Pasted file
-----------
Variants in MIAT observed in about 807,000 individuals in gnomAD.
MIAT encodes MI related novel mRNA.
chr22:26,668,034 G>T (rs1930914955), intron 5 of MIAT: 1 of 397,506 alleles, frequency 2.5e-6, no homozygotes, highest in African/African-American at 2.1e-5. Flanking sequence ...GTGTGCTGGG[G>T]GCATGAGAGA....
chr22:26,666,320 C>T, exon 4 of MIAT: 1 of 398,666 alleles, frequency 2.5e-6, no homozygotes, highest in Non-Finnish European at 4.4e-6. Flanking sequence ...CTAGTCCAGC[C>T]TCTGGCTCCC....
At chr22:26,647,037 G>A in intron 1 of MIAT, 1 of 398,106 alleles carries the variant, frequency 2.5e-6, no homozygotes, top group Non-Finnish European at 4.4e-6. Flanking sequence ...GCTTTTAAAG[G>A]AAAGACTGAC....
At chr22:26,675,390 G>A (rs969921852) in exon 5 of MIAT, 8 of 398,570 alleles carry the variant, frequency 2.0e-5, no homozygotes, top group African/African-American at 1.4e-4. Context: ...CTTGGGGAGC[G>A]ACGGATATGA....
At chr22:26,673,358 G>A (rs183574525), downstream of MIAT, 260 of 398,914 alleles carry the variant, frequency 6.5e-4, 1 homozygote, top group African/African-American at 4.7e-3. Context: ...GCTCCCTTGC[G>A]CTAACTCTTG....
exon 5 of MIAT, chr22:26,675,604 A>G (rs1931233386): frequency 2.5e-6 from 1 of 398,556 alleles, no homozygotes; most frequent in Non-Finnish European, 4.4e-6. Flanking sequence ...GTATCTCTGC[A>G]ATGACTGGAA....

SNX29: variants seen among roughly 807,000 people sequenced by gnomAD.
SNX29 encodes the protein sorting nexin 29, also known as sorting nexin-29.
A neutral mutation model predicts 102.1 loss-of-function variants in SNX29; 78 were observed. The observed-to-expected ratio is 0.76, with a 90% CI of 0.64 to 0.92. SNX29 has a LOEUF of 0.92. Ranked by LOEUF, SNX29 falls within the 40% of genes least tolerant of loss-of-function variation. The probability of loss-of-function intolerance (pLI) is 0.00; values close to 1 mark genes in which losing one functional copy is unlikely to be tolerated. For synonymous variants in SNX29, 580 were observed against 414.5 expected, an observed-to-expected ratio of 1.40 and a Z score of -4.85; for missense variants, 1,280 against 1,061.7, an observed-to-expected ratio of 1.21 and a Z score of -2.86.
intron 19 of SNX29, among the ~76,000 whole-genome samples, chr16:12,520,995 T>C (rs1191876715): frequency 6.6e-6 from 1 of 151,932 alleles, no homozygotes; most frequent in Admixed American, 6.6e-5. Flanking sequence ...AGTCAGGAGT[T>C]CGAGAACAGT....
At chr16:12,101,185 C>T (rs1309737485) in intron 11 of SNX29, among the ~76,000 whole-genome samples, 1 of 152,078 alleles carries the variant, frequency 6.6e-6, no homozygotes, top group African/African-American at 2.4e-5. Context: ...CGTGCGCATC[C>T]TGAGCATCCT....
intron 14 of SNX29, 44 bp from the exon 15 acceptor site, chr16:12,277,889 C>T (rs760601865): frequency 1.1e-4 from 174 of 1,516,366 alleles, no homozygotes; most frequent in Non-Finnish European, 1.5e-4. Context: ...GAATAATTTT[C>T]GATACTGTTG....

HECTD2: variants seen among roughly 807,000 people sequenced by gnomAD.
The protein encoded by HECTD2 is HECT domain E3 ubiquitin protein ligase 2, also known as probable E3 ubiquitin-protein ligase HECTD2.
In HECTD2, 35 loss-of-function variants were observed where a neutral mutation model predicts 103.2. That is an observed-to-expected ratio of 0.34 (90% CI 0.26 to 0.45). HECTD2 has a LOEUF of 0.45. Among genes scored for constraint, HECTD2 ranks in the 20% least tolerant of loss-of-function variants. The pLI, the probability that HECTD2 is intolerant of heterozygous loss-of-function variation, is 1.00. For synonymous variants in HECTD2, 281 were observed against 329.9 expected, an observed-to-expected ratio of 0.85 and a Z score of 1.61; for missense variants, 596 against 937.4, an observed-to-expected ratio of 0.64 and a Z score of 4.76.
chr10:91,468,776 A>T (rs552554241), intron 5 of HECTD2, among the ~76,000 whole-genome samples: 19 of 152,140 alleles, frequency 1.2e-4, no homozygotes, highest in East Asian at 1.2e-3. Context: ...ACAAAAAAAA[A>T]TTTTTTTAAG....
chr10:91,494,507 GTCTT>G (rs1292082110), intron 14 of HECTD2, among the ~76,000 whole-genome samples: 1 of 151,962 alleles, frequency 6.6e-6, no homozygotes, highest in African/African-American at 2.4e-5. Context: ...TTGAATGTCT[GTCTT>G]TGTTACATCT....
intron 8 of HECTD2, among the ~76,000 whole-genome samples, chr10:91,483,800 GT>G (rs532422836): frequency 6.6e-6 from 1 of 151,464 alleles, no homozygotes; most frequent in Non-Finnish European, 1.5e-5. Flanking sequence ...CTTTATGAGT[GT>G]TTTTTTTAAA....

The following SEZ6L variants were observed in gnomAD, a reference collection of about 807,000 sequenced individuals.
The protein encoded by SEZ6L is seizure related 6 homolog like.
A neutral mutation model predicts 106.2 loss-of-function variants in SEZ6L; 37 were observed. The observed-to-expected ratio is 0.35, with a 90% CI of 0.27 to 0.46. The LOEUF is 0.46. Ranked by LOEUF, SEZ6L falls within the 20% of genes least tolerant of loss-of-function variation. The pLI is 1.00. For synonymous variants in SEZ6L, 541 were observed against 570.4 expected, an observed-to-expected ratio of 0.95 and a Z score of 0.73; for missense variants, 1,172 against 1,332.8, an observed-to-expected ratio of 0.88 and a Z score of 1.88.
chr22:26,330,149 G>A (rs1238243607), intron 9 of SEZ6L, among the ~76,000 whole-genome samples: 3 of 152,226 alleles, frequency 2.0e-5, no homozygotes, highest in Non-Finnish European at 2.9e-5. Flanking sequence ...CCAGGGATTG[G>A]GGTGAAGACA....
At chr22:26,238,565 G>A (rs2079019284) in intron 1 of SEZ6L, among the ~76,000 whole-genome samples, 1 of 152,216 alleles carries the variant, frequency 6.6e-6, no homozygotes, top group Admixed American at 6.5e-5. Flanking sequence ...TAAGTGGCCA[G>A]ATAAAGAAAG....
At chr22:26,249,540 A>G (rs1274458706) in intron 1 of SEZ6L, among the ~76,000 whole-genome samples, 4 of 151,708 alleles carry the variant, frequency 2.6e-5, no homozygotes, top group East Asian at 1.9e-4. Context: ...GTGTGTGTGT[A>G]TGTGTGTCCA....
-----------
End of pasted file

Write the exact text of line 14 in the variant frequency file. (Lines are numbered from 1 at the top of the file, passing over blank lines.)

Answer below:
intron 14 of SNX29, 44 bp from the exon 15 acceptor site, chr16:12,277,889 C>T (rs760601865): frequency 1.1e-4 from 174 of 1,516,366 alleles, no homozygotes; most frequent in Non-Finnish European, 1.5e-4. Context: ...GAATAATTTT[C>T]GATACTGTTG....